Sunday, March 7, 2021

Cadet Nurse Carrie

Today, March 7, 2021, would be my mom’s 95th birthday.  She died 20 years ago but I treasure my memories of her and the stories she shared.  This blog post recounts her path to becoming a registered nurse. 

She graduated from Millers Creek High School in Wilkes County, N.C., in April 1943.[1]  Her high school transcript says[2] “Excellent character, dependable, industrious, high morals and good home environment.”

Carrie’s high school graduation, 1943

 Limited options for girls included marriage, teaching, secretarial work, and nursing.  Carrie decided to become a registered nurse but had to figure out how to pay for her education.  She stayed home for a year and took the bus to a job at Wilkes Hosiery Mill.[3]  She saved her money but it was not enough for nursing school.  She learned that the U.S. government paid for nurse training in return for military service.

 “Public health administrators as well as the American public believed that the increasing demands of the U.S. armed forces for nurses were responsible for a shortage of civilian nurses. Responding to these concerns in June 1943, Congress passed the Bolton Act, which set up the Cadet Nurse Corps program.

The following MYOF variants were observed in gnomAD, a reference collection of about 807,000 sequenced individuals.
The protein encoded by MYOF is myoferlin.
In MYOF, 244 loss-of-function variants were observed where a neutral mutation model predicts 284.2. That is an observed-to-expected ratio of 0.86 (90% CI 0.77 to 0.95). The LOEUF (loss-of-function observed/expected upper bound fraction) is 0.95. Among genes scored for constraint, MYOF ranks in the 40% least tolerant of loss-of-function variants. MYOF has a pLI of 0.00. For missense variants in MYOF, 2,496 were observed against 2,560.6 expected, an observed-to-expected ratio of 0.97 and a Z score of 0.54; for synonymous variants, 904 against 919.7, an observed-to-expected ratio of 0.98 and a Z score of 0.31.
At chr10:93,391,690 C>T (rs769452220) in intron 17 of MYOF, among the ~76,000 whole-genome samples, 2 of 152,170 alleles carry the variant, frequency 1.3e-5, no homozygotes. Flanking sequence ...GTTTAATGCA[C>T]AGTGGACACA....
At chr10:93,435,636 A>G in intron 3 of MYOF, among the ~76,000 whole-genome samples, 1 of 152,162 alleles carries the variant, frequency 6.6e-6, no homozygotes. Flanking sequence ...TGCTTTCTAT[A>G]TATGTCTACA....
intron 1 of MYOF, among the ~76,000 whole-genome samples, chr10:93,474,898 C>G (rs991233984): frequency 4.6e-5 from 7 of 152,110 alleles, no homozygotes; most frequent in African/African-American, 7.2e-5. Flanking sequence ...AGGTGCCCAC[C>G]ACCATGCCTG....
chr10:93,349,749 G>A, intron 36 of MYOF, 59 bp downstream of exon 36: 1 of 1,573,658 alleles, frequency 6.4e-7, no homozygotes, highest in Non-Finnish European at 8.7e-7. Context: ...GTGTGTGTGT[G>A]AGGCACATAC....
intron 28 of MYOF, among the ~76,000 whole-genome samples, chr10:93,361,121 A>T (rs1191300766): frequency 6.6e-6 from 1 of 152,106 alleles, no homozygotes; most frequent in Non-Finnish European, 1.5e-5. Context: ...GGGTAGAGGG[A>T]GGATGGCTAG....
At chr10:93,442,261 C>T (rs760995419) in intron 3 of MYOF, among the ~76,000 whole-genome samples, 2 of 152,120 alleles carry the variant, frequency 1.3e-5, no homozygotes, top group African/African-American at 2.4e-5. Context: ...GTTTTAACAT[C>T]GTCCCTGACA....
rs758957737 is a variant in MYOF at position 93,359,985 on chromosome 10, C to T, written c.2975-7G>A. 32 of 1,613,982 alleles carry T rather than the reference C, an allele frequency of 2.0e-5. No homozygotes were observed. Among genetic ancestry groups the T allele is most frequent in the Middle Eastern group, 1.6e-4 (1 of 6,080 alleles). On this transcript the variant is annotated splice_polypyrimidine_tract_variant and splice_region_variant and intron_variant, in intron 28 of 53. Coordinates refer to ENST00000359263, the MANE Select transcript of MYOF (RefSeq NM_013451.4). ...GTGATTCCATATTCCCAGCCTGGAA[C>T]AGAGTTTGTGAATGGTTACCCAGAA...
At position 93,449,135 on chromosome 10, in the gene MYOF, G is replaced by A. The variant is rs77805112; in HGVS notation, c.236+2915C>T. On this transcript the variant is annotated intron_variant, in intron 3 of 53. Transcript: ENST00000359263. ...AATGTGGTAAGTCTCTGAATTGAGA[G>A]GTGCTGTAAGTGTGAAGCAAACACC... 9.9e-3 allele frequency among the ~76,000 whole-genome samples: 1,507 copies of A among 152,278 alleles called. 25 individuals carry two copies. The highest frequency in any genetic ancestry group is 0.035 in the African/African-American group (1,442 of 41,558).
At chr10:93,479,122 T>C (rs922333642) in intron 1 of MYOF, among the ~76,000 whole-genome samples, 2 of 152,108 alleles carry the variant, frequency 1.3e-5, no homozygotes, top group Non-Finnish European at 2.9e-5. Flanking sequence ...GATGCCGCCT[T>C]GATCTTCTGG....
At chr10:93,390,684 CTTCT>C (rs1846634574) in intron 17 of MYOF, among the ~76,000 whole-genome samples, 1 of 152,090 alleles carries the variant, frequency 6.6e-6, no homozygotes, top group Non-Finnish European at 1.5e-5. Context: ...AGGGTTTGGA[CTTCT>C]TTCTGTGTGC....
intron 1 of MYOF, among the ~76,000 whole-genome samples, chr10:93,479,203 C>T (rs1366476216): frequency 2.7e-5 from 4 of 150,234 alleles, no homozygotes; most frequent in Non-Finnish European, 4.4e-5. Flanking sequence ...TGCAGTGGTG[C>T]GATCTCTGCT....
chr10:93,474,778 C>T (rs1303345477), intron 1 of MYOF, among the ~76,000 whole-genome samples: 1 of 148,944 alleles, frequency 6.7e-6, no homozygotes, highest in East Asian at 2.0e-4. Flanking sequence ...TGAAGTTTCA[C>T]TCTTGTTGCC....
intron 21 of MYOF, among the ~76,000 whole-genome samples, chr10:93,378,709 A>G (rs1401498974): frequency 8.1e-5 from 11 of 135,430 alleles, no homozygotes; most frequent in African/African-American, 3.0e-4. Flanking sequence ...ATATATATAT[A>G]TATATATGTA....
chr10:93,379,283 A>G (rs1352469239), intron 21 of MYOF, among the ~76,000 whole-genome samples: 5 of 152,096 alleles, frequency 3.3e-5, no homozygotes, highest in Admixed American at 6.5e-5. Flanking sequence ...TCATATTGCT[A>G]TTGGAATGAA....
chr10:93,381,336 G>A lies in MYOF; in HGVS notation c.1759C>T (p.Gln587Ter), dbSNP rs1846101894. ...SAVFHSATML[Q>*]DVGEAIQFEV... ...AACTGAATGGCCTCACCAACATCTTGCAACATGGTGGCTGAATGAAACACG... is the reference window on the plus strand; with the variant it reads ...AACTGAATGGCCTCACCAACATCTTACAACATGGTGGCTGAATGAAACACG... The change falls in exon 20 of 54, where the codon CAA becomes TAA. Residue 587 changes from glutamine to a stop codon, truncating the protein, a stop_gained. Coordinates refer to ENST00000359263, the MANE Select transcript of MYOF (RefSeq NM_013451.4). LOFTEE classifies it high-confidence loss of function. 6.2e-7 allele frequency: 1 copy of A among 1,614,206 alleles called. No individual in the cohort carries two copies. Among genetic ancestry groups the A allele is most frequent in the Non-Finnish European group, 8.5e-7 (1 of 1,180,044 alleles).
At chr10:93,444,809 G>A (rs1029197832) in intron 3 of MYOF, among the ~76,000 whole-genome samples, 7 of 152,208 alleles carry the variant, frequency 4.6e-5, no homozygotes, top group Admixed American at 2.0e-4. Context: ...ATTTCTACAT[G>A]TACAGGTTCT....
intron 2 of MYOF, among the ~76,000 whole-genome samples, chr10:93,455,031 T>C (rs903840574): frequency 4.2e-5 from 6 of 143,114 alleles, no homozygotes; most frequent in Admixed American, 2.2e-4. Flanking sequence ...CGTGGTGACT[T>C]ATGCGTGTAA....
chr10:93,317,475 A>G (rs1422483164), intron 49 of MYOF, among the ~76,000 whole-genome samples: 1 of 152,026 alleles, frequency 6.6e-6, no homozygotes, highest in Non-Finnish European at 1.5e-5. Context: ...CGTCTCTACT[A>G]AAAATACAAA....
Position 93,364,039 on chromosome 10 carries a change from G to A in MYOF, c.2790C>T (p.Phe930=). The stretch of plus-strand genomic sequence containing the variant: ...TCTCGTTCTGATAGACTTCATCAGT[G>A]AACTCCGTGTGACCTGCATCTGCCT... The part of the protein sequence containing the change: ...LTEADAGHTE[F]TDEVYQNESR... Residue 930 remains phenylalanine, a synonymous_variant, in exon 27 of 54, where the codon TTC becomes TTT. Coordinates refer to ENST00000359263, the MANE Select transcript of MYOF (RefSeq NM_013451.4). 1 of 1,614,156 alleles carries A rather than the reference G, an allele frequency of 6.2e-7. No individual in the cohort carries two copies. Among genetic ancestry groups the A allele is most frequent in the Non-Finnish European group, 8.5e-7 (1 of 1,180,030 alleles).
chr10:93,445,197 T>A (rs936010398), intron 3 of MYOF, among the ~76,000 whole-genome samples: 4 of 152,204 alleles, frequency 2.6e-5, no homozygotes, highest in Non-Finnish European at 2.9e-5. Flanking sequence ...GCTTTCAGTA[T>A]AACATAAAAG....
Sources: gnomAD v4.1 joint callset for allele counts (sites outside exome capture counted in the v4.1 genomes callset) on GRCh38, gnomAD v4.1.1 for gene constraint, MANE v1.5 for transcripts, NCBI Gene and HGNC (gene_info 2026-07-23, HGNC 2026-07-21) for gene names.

The U.S. government subsidized the education of nursing students who promised that following graduation they would engage in essential military or civilian nursing for the duration of the war…

… The Cadet Nurse Corps training program was extremely successful and enjoyed enthusiastic public support. By 1948 when the program was discontinued, more than 150,000 nurse graduates testified to its value.”[4]

Carrie applied for the Cadet Nurse Corps program and attended Grace Hospital School of Nursing[5] in Morganton, N.C., only 50 miles from Millers Creek.  Her ID card is shown below.[6]  It took three years to become a Registered Nurse.

Carrie mentioned in newspaper in 1944

 

Cadet Nurse Corps card

 

Her high school chemistry teacher had been drafted, so Carrie had to take high school chemistry while attending nursing school. Fortunately, the high school was just across the street!